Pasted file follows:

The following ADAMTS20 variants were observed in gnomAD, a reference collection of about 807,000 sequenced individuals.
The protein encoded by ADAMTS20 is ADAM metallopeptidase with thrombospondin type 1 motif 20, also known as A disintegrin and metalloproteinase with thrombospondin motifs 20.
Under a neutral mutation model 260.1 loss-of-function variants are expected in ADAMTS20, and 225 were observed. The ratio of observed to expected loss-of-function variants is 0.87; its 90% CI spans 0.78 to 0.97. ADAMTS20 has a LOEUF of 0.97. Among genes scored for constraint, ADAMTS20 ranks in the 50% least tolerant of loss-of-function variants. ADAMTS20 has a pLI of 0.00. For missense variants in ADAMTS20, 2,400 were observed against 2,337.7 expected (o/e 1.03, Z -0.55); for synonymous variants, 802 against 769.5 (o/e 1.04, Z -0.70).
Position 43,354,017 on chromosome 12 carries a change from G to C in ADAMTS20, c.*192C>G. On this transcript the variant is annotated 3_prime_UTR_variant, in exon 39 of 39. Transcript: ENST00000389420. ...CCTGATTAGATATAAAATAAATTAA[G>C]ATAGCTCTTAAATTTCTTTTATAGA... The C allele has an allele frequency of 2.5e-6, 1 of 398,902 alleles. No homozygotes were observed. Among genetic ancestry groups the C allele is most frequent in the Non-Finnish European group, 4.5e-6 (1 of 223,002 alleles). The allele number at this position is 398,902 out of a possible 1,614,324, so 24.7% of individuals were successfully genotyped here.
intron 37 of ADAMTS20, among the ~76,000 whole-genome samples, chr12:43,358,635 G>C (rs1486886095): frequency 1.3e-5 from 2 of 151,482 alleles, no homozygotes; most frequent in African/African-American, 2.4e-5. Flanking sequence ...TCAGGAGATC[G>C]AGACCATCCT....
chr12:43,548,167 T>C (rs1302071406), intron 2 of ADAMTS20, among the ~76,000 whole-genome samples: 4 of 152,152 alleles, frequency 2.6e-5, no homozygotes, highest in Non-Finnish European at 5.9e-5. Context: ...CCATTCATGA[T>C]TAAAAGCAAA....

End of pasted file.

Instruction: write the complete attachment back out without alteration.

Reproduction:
The following ADAMTS20 variants were observed in gnomAD, a reference collection of about 807,000 sequenced individuals.
The protein encoded by ADAMTS20 is ADAM metallopeptidase with thrombospondin type 1 motif 20, also known as A disintegrin and metalloproteinase with thrombospondin motifs 20.
Under a neutral mutation model 260.1 loss-of-function variants are expected in ADAMTS20, and 225 were observed. The ratio of observed to expected loss-of-function variants is 0.87; its 90% CI spans 0.78 to 0.97. ADAMTS20 has a LOEUF of 0.97. Among genes scored for constraint, ADAMTS20 ranks in the 50% least tolerant of loss-of-function variants. ADAMTS20 has a pLI of 0.00. For missense variants in ADAMTS20, 2,400 were observed against 2,337.7 expected (o/e 1.03, Z -0.55); for synonymous variants, 802 against 769.5 (o/e 1.04, Z -0.70).
Position 43,354,017 on chromosome 12 carries a change from G to C in ADAMTS20, c.*192C>G. On this transcript the variant is annotated 3_prime_UTR_variant, in exon 39 of 39. Transcript: ENST00000389420. ...CCTGATTAGATATAAAATAAATTAA[G>C]ATAGCTCTTAAATTTCTTTTATAGA... The C allele has an allele frequency of 2.5e-6, 1 of 398,902 alleles. No homozygotes were observed. Among genetic ancestry groups the C allele is most frequent in the Non-Finnish European group, 4.5e-6 (1 of 223,002 alleles). The allele number at this position is 398,902 out of a possible 1,614,324, so 24.7% of individuals were successfully genotyped here.
intron 37 of ADAMTS20, among the ~76,000 whole-genome samples, chr12:43,358,635 G>C (rs1486886095): frequency 1.3e-5 from 2 of 151,482 alleles, no homozygotes; most frequent in African/African-American, 2.4e-5. Flanking sequence ...TCAGGAGATC[G>C]AGACCATCCT....
chr12:43,548,167 T>C (rs1302071406), intron 2 of ADAMTS20, among the ~76,000 whole-genome samples: 4 of 152,152 alleles, frequency 2.6e-5, no homozygotes, highest in Non-Finnish European at 5.9e-5. Context: ...CCATTCATGA[T>C]TAAAAGCAAA....